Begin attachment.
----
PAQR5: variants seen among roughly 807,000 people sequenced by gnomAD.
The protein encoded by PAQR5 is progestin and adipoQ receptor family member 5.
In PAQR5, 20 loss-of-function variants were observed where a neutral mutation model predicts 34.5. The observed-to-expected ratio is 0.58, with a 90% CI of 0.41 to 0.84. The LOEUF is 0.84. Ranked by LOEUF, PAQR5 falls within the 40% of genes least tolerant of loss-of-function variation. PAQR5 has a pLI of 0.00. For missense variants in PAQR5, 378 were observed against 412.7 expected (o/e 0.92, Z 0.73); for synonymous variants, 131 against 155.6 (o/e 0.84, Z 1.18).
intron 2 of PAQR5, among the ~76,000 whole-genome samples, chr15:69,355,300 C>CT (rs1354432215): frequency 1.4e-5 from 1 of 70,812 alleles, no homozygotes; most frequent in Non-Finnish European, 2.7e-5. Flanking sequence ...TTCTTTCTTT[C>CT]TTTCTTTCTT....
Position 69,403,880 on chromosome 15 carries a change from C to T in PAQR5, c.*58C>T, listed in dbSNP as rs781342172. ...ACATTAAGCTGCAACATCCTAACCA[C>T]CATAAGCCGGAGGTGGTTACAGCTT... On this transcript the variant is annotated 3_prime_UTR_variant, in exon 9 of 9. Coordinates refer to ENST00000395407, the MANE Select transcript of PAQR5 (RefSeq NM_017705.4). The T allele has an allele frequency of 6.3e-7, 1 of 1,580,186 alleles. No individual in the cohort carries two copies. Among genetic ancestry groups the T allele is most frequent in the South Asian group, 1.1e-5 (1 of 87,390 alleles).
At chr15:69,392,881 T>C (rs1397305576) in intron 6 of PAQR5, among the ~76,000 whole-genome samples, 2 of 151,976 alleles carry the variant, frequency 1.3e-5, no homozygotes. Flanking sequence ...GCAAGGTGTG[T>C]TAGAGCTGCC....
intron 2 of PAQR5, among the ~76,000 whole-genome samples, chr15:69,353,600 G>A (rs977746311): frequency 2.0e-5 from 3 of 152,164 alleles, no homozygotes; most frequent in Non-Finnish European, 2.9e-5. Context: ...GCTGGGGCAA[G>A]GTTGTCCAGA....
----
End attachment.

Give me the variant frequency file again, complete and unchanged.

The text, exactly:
PAQR5: variants seen among roughly 807,000 people sequenced by gnomAD.
The protein encoded by PAQR5 is progestin and adipoQ receptor family member 5.
In PAQR5, 20 loss-of-function variants were observed where a neutral mutation model predicts 34.5. The observed-to-expected ratio is 0.58, with a 90% CI of 0.41 to 0.84. The LOEUF is 0.84. Ranked by LOEUF, PAQR5 falls within the 40% of genes least tolerant of loss-of-function variation. PAQR5 has a pLI of 0.00. For missense variants in PAQR5, 378 were observed against 412.7 expected (o/e 0.92, Z 0.73); for synonymous variants, 131 against 155.6 (o/e 0.84, Z 1.18).
intron 2 of PAQR5, among the ~76,000 whole-genome samples, chr15:69,355,300 C>CT (rs1354432215): frequency 1.4e-5 from 1 of 70,812 alleles, no homozygotes; most frequent in Non-Finnish European, 2.7e-5. Flanking sequence ...TTCTTTCTTT[C>CT]TTTCTTTCTT....
Position 69,403,880 on chromosome 15 carries a change from C to T in PAQR5, c.*58C>T, listed in dbSNP as rs781342172. ...ACATTAAGCTGCAACATCCTAACCA[C>T]CATAAGCCGGAGGTGGTTACAGCTT... On this transcript the variant is annotated 3_prime_UTR_variant, in exon 9 of 9. Coordinates refer to ENST00000395407, the MANE Select transcript of PAQR5 (RefSeq NM_017705.4). The T allele has an allele frequency of 6.3e-7, 1 of 1,580,186 alleles. No individual in the cohort carries two copies. Among genetic ancestry groups the T allele is most frequent in the South Asian group, 1.1e-5 (1 of 87,390 alleles).
At chr15:69,392,881 T>C (rs1397305576) in intron 6 of PAQR5, among the ~76,000 whole-genome samples, 2 of 151,976 alleles carry the variant, frequency 1.3e-5, no homozygotes. Flanking sequence ...GCAAGGTGTG[T>C]TAGAGCTGCC....
intron 2 of PAQR5, among the ~76,000 whole-genome samples, chr15:69,353,600 G>A (rs977746311): frequency 2.0e-5 from 3 of 152,164 alleles, no homozygotes; most frequent in Non-Finnish European, 2.9e-5. Context: ...GCTGGGGCAA[G>A]GTTGTCCAGA....